‘Mystery of dust giants’ solved after scientists study 300 distant galaxies
Scientists have shed new light on the physical processes involved in the formation of dust, metals and stars in galaxy evolution after studying 300 distant, dusty galaxies.
Two billion years after the Big Bang, the Universe was still very young. But thousands of huge galaxies, rich in stars and dust, had already formed.
To find out how, an international study by the International School for Advanced Studies (SISSA) in Trieste and the National Centre for Nuclear Research along with an international team of scientists combined observational and theoretical methods to identify the physical processes behind their evolution.
Using the Atacama Large Millimeter/submillimeter Array (ALMA), they found evidence of a rapid increase in dust levels due to high metal concentrations in the distant Universe.
Darko Donevski, postdoctoral fellow at SISSA, said: “On hand, they are difficult to detect because they reside in dense regions of the distant Universe and contain dusty particles which absorb most of the optical light radiated by young stars.
“On the other hand, many of these dusty 'giants' were formed when the Universe was very young, sometimes even less than 1 billion years old, and scientists have been wondering how such a large amount of dust could have been produced so early in time.”
The ALMA interferometer in the Atacama Desert of northern Chile consists of 66 telescopes and is able to detect the infrared light that penetrates the dusty clouds, revealing the presence of newly forming stars.
Donevski said: “For many years scientists thought that production of cosmic dust was exclusively due to supernovae explosion. However, recent theoretical works suggest that dust can also grow through collisions of particles of cold, metal-rich gas which fills the galaxies.”
Dr. Katarzyna Małek, assistant professor at the Astrophysics Department of the National Centre for Nuclear Research, added: “We determined the physical properties of our galaxies using a special modelling technique for their broadband energy spectra.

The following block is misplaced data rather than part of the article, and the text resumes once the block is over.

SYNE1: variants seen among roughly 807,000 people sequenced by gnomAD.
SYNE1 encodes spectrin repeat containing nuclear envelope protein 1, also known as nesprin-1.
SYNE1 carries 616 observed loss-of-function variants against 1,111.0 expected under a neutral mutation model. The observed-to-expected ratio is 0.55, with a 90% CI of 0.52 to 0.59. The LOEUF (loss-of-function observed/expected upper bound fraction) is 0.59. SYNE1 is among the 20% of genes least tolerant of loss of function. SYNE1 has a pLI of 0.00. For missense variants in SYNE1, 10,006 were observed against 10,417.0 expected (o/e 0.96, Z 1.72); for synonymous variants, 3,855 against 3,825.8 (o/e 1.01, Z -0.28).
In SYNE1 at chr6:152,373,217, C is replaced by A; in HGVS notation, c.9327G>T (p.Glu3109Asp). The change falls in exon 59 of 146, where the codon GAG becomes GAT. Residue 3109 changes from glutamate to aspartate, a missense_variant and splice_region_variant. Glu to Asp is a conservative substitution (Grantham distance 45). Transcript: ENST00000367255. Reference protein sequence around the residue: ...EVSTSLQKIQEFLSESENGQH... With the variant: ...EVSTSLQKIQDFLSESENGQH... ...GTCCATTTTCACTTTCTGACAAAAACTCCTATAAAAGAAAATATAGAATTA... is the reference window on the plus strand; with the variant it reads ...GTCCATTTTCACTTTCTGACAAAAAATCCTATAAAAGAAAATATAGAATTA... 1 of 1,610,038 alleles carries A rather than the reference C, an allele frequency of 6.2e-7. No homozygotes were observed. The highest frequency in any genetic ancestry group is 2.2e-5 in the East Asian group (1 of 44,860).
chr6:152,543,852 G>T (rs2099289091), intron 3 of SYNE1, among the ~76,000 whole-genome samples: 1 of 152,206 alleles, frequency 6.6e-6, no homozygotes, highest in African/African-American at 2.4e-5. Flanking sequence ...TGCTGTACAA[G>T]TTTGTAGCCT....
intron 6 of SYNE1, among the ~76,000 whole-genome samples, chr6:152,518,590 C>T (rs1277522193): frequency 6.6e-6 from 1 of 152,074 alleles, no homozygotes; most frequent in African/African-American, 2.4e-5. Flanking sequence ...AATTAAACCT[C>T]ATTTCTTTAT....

“This is an important source of information about the nature of galaxies, as many of the complex physical processes that take place within them leave traces in their spectrum.
“The energy spectrum, i.e. the dependence of the radiated energy on the wavelength, is like a galaxy DNA. Modelling the energy spectra helps us estimate physical quantities such as the mass of dust or the mass of stars in a galaxy.
“Thanks to the analysis of broadband spectra, we were able to identify two different populations of galaxies in our sample: typical star-forming galaxies called main sequence galaxies, and extreme objects called starburst galaxies.
“Such an extreme galaxy creates stars with a combined mass of up to 10-100 solar masses each year.”
Donevski continued: “We found a huge amount of dust mass in most of our galaxies. Our estimates showed that supernovae explosions could not be responsible for all of it and a part had to be produced through particle collisions in the gaseous metal-rich environment around massive stars, as previously supposed by theoretical models.
“This is the first time that observational data support the existence of both production mechanisms.”
Scientists also looked at dust to star mass ratio over time to study how efficiently galaxies create and destroy dust during their evolution.
Lara Pantoni, PhD student at SISSA, who developed the analytic model used for data interpretation, said: “This allowed us to identify dust life cycle in two different populations of galaxies: normal, main-sequence galaxies, which are slowly evolving, and more extreme, rapidly evolving starbursts galaxies.
“Interestingly, we also showed that irrespective of their distance, stellar mass or size, compact starburst galaxies always have dust-to-stellar mass ratio higher than the normal galaxies."
To fully evaluate the observational findings, the team of astronomers also tested their data with the latest galaxy simulations and models. Using a new suite called SIMBA that simulates the formation and evolution of millions of galaxies since the beginning of the Universe to present time, they tracked all their physical properties, including dust mass.
Desika Narayanan, professor of astronomy at the University of Florida and member of the DAWN institute in Copenhagen said: “Up to now, theoretical models had problems in matching both galaxy dust and stellar properties simultaneously. However, our new cosmological simulation suite, SIMBA, could reproduce most of the observed data.
“Our study shows that dust production in +giants+ is dominated by the very rapid growth of particles through their collisions with gas.
“Thus, it provides the first strong proof that dust formation occurs both during stars’ death and in the space between these massive stars, as assumed from theoretical studies. Moreover, it offers a new mixed approach to investigate the evolution of massive objects in the distant Universe that will be tested with future space telescopes such as the James Webb Space Telescope.”
The study was published in the journal Astronomy & Astrophysics (https://www.aanda.org/articles/aa/abs/2020/12/aa38405-20/aa38405-20.html and https://arxiv.org/abs/2008.09995).
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